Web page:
Of Sweet Pastries and "The Age of Discovery"
Today was a museum day to visit some of Lisbon's greatest historical treasures. Lisbon is a city full of museums, so with our Lisbon Card in hand which allows free entry into museums and rides on the tram and metro, we started our tour early in the day.
Our first stop was the National Coach Museum with coaches dating back to the 17th century. In most museums with royal coaches, they have been varnished and polished back to their full glory. Here it's different. They are all nicely displayed in a dimly lit room, but have had no restoration work and are dusty and faded. I wrestled in my mind to decide which is better- royal coaches on display in royal grandeur or these looking like the lights had been turned off on their use centuries ago. I don't have an answer. It must be an interesting dilemma for museum curators. The designs on many of the coaches represented Portuguese navigation and conquest.
Since 1837, Pasteis De Belem has been the place to go in Lisbon for pastries. We tried the pastels de Belem which are custard tarts with a filo crust. They are so popular they make 20,000 a day. We watched the cooks pop them hot out of the oven in their cast iron molds.
The Monastery of Jeronimos is a 16th century limestone church and monastery. The cloisters were beautiful with intricate carvings of animals. This site is so popular we waited over 30 minutes in the hot sun to get inside while women hawked veils with fish and two Americans entertained themselves by throwing a capped bottle of water at each other that keep landing on the cobblestones with a bang. The church inside is beautiful and the highlight is the tomb of Vasco de Gama.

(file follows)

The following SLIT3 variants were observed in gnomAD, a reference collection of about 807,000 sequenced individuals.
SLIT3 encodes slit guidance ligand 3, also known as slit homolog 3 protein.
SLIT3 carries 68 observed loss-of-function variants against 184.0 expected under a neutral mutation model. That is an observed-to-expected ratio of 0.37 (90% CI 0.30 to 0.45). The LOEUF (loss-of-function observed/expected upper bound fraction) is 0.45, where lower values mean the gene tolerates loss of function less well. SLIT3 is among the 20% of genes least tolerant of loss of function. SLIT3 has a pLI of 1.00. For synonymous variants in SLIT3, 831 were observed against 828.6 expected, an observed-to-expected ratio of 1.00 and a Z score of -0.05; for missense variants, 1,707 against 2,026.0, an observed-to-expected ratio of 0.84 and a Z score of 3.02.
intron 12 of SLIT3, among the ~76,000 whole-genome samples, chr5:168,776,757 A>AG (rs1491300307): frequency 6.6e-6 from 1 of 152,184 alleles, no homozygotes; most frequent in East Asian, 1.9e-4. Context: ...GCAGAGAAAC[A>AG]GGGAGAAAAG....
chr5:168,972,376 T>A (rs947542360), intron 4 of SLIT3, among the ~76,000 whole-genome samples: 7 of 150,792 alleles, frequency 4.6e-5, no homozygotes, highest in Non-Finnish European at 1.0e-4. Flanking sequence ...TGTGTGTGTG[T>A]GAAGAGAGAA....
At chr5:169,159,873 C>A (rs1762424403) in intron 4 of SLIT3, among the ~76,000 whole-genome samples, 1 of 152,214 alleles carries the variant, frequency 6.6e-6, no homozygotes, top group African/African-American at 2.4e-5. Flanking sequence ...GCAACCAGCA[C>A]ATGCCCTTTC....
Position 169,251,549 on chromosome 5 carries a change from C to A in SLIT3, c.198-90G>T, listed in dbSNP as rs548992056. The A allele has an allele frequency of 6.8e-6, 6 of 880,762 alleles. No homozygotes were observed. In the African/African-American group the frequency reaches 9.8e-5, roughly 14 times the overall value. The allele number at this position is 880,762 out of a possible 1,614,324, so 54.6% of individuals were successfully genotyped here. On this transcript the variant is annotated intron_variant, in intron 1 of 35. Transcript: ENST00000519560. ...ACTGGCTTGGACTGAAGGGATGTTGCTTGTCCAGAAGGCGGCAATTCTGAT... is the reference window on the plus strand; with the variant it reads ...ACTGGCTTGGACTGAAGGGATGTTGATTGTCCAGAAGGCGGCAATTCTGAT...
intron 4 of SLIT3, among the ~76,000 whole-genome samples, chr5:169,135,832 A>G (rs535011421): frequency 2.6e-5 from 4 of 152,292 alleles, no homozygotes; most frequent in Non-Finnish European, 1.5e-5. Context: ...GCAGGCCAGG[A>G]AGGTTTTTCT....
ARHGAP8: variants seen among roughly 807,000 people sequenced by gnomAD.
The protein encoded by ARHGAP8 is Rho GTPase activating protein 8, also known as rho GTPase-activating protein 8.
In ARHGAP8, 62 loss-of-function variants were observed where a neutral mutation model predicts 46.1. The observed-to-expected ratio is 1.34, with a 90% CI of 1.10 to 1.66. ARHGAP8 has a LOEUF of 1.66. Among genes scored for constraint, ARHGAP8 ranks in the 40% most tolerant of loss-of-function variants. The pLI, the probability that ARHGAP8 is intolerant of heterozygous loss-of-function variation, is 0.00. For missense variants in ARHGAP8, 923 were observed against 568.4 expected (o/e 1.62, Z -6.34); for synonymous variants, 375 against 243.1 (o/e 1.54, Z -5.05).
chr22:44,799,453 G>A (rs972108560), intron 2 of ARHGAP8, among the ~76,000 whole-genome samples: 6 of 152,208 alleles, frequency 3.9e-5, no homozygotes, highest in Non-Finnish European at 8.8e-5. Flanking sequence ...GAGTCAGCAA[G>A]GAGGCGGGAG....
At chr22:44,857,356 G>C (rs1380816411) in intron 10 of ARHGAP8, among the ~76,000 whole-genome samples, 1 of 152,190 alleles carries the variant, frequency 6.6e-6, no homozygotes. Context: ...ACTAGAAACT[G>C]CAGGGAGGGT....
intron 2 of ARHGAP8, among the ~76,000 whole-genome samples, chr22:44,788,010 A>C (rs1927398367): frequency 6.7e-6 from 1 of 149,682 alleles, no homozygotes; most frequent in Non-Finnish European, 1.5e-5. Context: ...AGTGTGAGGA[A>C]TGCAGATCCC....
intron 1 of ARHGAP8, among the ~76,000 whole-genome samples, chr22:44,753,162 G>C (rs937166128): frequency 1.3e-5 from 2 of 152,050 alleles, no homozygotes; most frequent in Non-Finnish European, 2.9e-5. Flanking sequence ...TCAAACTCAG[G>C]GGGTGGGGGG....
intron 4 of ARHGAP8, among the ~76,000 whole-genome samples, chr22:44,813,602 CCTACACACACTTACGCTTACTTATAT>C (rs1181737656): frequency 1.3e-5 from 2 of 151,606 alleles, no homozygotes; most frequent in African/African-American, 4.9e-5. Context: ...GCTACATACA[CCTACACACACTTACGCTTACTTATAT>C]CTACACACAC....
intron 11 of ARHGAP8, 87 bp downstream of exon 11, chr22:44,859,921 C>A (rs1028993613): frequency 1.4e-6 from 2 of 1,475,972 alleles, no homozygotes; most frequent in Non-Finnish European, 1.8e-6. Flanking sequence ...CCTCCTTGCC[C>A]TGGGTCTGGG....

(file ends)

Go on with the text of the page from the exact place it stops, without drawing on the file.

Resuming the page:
Across the street from the monastery is the Monument to the Discoveries. It was exciting to see it because I remember visiting it when I was 14. It honors Portuguese explorers with statues with Prince Henry the Navigator in the lead. We took an elevator to the top for the views of the river.
Our last museum was Belem towner. It was the last tower voyagers often saw before leaving for their journey. We bought tickets to hike 120 steps to the top, but the line was crazy so we settled for the first level.
We hoped to ride this 1902 elevator to the upper town, but the line was too long. I remember it from when I was 14 and I thought it was just as ancient, but fun back then too.
Dinner tonight was at h3 Hamburgology which is a new concept restaurant in Spain, Portugal, Brazil, and Slovenia. It's inexpensive and delicious. The idea of it is a hamburger doesn't have to be served on a bun. You can order it with a sauce or egg on it or topped with arugula, tomatoes, and shaved cheese. On the wall it said, "Scholars believe that this approach will soon become global." To date there are 30 restaurants in total. The desserts are miniature and tasty and the espresso is made with a Nespresso machine.
After dinner we walked around and admired the views. It seems as if all of Lisbon is out doing the same thing.